2020 Best Online Bachelor's in Communications Degrees

By OnlineU Staff | Updated November 24, 2020

Online communications degrees are available at the associate, bachelor's, master's, doctoral, and certificate levels. Communications is an interdisciplinary field that draws from sociology, psychology, and politics to examine the ways in which people communicate. The online communications degrees of the highest caliber are featured in our lists of the 2020 best online communications bachelor's and master's programs. Rankings are based on alumni salary data provided by PayScale.

Students pursuing degrees in communications should verify that their school has been regionally accredited and their specific degree program is accredited by the Accrediting Council on Education in Journalism and Mass Communications (ACEJMC), which helps to ensure that it meets rigorous national standards.

2020 Best Online Colleges Offering Bachelor's in Communications Degrees

2020 Best Online Colleges Offering Bachelor's in Communications Badge

This list highlights the 25 best value colleges offering online bachelor's degrees in communications. Graduates of the #1-ranked school, New England College, earn a median salary of $160,700 after earning their BA in Communication. Tuition at New England College is also very affordable at just $12,150 per year. Webster University ranks #2, with a median salary of $111,400 and an annual tuition rate of $23,200.

Alumni salaries were provided by PayScale. View our methodology for more details or learn more about OnlineU.

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2020 Online Colleges Offering Communications Degrees - Ranking Details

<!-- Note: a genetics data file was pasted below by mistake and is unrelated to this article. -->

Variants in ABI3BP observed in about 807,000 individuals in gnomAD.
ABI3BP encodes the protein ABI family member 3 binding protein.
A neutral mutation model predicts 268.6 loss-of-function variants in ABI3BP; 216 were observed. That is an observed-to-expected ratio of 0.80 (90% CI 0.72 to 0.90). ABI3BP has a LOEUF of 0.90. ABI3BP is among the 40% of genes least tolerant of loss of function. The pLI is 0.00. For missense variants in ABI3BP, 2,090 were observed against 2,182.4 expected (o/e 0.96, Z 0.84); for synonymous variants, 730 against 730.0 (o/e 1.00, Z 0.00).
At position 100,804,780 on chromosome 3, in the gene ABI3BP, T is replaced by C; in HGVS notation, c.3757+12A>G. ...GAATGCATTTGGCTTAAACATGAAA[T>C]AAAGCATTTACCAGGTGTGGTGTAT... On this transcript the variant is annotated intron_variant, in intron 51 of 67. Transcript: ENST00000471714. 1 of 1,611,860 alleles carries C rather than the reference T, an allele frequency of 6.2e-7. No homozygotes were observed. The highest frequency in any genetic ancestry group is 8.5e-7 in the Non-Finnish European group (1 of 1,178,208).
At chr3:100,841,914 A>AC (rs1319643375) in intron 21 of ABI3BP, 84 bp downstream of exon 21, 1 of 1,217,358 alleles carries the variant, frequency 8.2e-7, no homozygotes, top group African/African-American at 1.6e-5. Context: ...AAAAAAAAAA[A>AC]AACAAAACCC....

Online Communications Degree Overview & Career Information

An associate degree in communications is typically the minimum education requirement for this field. Getting a communications associate degree online helps students develop techniques that are essential to their prospective careers, such as problem solving, critical thinking, and interpersonal skills. Students may take courses in introduction to mass communications, English composition, media writing, and digital media editing. 

Many associate degree holders continue their education by obtaining a bachelor's degree in communications. This program focuses on teaching students how to interpret different kinds of human dialogue. Students also learn how to improve their speech to effectively persuade audiences. Core classes include topics such as behavioral science; debate and argumentation; theories of communications; and voice, dictation, and articulation. 

Master's degrees further examine the ways that people synthesize information and the techniques that can be used to successfully persuade audiences. Students focus on analyzing a variety of issues and finding original ways to relay messages. They may take courses with topics in strategy, leadership, ethics, business, marketing, global connection, speech writing, intercultural communications, social influence, rhetoric, human conflict, and citizenship.